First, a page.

Q. What is the solution?
A. Patients need to behave more responsibly. More and more people should promise organs. Commitment is not difficult. Hospitals should proactively start identifying brain-dead patients. Intensive care units should play a role in convincing relatives to donate organs. Relatives should also check if the patient is brain dead and how the organs can be used.
Q. How do you sum up this two-decade-old journey of organ transplantation in Nagpur?
A. Progressive but not ideal. Initially we started with one hospital and slowly other hospitals followed. Every year we have seen an increase in the number of transplants. At the transplant institution should have been a reality now. A place that stood out as the first to do a corpse transplant in 2013 and encouraged other cities to take it over has fallen behind in its completion. After 2013, we also started doing liver transplants. We have also partnered to send heart and lungs to remote places like Delhi, Mumbai and Chennai. But we still face problems in transplanting these organs in Nagpur.
Q. Why are heart and lungs still not used here?
A. Relatives of the deceased donor are usually unwilling to wait the extra 10-12 hours required for the transplant team to reach Nagpur and retrieve the organs. They are in a hurry to perform the last rites. The region needs to eliminate this backlog.
Q. Will a dedicated institution help?
A. We started Kidney Transplant at GMCH Nagpur in 2016. After that, the medical school should have acquired a comprehensive organ transplant program. Unfortunately, that never happened after six years. Even the Jawaharlal Nehru Medical College in Sawangi, offering specialty and postgraduate courses in all subjects, should have set up a dedicated center.
Q. What is holding them back?
A. A stable workforce is a problem in rural areas. Doctors come here for a year or two, gain experience and leave. Nagpur has a viability problem. Kidney transplant is the cheapest, liver is more expensive and heart is the most expensive among them. Some dedicated centers are being planned, but hopefully GMCH Nagpur will also offer one.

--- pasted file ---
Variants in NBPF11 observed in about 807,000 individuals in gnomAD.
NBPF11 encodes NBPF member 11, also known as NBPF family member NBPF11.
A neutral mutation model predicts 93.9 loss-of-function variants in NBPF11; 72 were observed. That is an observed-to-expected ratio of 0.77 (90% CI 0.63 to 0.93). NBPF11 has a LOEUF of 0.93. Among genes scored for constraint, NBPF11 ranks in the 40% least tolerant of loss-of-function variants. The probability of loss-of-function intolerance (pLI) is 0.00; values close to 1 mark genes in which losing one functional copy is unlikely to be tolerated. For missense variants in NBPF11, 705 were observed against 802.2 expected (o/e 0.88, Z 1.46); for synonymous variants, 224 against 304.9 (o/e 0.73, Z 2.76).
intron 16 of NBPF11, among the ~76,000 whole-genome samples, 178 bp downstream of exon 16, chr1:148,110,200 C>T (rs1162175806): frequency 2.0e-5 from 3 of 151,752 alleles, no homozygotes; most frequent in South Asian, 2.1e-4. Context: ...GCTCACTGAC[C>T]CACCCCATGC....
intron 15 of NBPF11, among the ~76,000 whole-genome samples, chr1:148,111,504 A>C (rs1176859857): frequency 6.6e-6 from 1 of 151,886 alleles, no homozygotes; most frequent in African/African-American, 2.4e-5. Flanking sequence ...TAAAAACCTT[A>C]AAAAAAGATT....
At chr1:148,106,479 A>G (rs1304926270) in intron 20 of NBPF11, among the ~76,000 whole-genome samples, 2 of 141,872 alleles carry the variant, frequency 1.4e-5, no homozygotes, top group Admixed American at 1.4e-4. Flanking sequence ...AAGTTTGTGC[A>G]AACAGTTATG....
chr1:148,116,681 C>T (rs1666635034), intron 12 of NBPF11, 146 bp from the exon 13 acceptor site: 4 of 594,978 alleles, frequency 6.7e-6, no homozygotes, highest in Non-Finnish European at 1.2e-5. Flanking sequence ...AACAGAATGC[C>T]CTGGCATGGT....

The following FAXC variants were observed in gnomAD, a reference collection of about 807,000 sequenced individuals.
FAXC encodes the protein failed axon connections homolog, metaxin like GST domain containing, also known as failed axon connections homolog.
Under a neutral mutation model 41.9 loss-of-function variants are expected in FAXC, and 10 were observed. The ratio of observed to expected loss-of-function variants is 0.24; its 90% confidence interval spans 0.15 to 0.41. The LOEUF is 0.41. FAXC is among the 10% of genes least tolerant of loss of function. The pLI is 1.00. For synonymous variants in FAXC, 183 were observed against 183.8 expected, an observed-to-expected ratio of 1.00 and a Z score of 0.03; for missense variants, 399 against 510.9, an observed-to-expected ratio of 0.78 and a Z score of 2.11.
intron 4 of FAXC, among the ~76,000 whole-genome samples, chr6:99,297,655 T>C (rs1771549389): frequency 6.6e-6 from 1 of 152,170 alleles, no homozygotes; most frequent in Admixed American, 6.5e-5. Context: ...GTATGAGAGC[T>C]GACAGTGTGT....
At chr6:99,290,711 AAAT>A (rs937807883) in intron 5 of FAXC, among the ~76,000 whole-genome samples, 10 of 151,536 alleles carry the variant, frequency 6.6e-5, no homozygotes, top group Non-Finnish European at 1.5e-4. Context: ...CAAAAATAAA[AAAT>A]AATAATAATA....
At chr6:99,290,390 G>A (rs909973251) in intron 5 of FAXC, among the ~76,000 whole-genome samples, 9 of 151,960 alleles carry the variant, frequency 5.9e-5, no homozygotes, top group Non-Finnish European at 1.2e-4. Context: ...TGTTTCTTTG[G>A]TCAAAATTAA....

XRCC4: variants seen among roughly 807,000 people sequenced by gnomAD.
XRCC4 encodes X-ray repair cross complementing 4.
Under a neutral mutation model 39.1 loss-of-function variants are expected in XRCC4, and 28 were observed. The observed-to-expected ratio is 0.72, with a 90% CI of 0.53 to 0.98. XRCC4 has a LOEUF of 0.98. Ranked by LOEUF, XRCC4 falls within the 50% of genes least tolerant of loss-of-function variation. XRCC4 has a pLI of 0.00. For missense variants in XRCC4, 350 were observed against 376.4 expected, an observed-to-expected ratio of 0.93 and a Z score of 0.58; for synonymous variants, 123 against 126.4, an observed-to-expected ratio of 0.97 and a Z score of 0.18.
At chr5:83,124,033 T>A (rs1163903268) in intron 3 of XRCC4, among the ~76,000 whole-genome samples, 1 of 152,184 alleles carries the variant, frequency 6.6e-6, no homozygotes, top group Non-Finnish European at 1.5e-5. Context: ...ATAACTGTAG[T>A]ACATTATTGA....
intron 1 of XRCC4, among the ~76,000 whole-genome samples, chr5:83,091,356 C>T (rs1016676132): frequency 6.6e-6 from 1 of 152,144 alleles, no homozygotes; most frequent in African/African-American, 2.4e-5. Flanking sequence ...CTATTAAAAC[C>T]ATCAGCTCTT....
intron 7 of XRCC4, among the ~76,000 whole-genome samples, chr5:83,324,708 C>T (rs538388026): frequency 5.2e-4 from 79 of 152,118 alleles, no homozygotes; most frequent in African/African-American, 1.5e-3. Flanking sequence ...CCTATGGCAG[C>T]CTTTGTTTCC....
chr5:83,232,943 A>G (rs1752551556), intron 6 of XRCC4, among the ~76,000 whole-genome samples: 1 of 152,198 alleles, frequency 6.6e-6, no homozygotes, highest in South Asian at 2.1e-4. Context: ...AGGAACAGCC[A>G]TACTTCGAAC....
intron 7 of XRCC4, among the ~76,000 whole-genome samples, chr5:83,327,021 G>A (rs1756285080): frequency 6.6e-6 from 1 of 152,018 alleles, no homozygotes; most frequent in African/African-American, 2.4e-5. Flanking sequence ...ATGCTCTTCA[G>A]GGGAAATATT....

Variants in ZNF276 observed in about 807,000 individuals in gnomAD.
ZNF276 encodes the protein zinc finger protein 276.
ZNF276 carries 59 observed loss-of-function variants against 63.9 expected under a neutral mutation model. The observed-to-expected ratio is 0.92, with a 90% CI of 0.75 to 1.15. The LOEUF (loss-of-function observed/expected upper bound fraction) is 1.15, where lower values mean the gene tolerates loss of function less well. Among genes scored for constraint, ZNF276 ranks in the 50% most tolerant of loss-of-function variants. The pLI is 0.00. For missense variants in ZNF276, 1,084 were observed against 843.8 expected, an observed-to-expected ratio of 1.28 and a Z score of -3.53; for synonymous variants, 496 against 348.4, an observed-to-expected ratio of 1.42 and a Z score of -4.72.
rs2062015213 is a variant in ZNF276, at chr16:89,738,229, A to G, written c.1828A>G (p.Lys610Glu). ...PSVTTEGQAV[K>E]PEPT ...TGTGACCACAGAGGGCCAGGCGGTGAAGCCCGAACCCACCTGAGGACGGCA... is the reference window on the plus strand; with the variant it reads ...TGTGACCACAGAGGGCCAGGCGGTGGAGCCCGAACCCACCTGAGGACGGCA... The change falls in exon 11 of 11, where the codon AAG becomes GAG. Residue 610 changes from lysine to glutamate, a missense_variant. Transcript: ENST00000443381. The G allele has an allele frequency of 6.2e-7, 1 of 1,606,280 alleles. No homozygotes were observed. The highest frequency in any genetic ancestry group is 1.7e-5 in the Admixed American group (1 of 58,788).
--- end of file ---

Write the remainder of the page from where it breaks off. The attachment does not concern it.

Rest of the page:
Q. How many patients are on the waiting list?
A. About 400 are waiting for a kidney transplant, more than 150 liver transplants and as many heart and lung transplants. But since people know that these transplants are not done, they do not enlist. So the number may be higher. After Covid, lung failure became common. Successful lung transplantation also occurs in these patients. Patients have therefore started registering in Nagpur. We are waiting for a hospital to provide this facility here.
Q. Why is the deceased donation rate still low?
A. We have performed 89 transplants from brain-dead patients, but not from circulatory-dead patients. Donation by a patient with circulatory death is increasingly recognized. When the heart stops working and the organs are recovered within a specified time, it is called circulatory death. It is also called donation after cardiac death (DCD). Few centers in India perform DCD. Once the law specifies guidelines, this will become more common and acceptable. The consent of relatives is still a big problem. Generally, people don’t pawn their organs. If a person did it in their lifetime, we don’t need anyone’s permission to harvest their organs after they die. In the absence of a pledge, the donation depends on the family. The success rate is high among family members who are aware of organ donation. But if they are not aware, the donation counseling rate is lower.